I found this article when looking for nursing pillows:
In summary, when a baby is resting on a nursing pillow, s/he won't latch well. Additionally, they can lead to backaches for the Mom.
Do you think this is true?
Not in my experience, no.
I've never had latch problems, and I find the boppy takes the pressure off my arms for really long nursing/fall asleep sessions.
(p.s. love your handle. :) )
Not in my experience but it can change behaviors which I suppose can effect the latch. For FTM and a newborn, I think the My Brest Friend and an open chair leads to the best latch. When I switched to a boppy and big fluffy pillow we didn't have latch problems (actually great latch and easy sleeping) but I did start to get a lot of strain in my arms because it forced me into a weird position. With #2, I didn't have the chair and didn't have time for a pillow so we just nursed anywhere. No problems with latch but I did find myself getting aches and pains from the way I was sitting.
In short, I think that individual moms and babies have to be cautious about getting into bad patterns.
I don't think the nursing pillow was the root of the problem, it sounds like the mom had limited experience with what breastfeeding looks like, and hadn't yet learned to ask the question "is this heavily marketted baby gadget helpful for me?"
Exactly. I liked my boppy because it took 2 or 3 regular pillows to get the same position "right". I think you either know what position or you don't. Frankly, with my giant boobs, I wish I had a nursing table!
The article makes it sound like the baby was resting on the pillow itself. I've always used them as a support under my arm, so my arm was still holding baby. However I did find myself getting so annoyed at both the Boppy and My Brest Friend because I could never get it right and be comfy. I don't use anything anymore, but now I have tendinitis in my left wrist from holding a giant baby. I'm so happy he's strong enough now to nurse with a little less support!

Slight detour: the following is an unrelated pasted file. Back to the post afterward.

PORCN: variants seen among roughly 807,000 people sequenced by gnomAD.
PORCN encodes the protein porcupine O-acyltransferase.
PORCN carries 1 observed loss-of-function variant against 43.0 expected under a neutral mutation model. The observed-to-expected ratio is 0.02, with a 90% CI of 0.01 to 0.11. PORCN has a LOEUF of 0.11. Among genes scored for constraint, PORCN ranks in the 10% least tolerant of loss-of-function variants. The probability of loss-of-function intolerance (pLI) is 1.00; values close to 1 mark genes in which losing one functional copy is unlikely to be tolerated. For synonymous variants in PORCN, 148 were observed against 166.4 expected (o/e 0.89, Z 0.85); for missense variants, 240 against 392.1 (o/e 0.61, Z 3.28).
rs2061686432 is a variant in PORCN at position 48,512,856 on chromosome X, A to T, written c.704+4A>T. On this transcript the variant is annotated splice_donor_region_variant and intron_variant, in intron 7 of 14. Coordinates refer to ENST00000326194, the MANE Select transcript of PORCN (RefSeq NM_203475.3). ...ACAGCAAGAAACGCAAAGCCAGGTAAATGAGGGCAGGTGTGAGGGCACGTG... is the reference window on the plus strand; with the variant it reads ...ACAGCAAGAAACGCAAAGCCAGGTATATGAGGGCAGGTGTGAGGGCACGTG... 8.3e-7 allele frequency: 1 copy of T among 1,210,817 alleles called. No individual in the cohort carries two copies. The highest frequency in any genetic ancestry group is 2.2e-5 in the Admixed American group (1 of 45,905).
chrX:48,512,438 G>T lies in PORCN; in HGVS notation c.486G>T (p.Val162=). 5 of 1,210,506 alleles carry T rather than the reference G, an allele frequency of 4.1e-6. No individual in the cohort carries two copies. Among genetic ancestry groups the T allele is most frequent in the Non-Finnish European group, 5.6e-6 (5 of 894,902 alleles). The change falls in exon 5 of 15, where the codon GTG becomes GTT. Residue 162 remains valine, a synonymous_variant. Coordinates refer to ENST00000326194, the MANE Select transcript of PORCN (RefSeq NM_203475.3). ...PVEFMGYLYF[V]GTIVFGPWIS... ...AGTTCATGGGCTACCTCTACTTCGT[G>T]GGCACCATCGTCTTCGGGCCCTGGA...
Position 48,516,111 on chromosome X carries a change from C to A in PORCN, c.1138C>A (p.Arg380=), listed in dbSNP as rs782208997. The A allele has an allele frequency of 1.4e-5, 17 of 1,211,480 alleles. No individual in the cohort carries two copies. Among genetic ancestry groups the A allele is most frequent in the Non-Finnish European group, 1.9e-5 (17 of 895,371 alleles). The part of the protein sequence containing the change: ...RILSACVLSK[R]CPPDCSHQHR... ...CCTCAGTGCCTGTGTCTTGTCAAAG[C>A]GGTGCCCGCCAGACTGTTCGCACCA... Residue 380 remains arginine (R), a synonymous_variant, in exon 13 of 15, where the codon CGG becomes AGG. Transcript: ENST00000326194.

I used a boppy pillow for many nursings until my son was about 10 months old. (At that point we switched to entirely different nursing positions because he was too big.) Even though he generally did rest directly on the pillow (I also used a newborn booster when he was very young), we didn't experience any latch problems. Sometimes I would put my arms under him, but I found that pretty uncomfortable and much preferred to have him rest on pillows. The boppy also allowed me to read behind his back while he nursed, which greatly helped my sanity. One of the hardest things for me to deal with when he was very young was how often/low long he wanted to nurse! Not having my arms engaged meant that I had a tiny bit more independence.
Thanks for all your input, guys! I think I am going to go ahead and register for one, though I am having a little trouble finding a sweatshop-free variety.
Sunwise, you make an excellent point about having to spend so much time, especially at first, without even being able to use your hands to hold a book. It's not like the baby can chat with you while nursing, and just sitting there must get old fast.
I saw a review for this pillow and it looks awesome!
Thanks, Cat13! It's so funny - after responding to this thread last night, I decided to look more in earnest for the pillow, and I found the same one. It's on my Amazon registry now.
The Nest Pillow looks really interesting! Had not seen that one before. Love some of the fabric options. I have been using the Bosom Baby nursing pillow for almost 6 years now, and find it works really well. And we use it for lots of other things as well.
Here's the deal with latches: a latch isn't something you do. It's something your baby does. You basically need to keep his face in the right place to allow him to do his thing. However you do that is your business.
I didn't use a pillow for the first few weeks because it didn't help. Later, my baby got bigger and it was helpful for about a month. Still another month later and we couldn't get comfortable on the pillow so now we're not using it anymore. Use it if it helps; don't if if doesn't!
That article is pretty melodramatic! It's like those women were forced to use a pillow and they just couldn't prevent all their nursing issues caused by the evil piece of cotton batting. If their backs were uncomfortable while feeding their kids, why didn't they stop and re-adjust?
Meh, for me that article boils down to "Pay attention to what you're doing and don't just rely on a gadget". Early on a nursing pillow was absolutely invaluable for us, but we haven't used it at all in months, and now that I know how to nurse I may or may not use it with the next baby. Others' mileage may vary.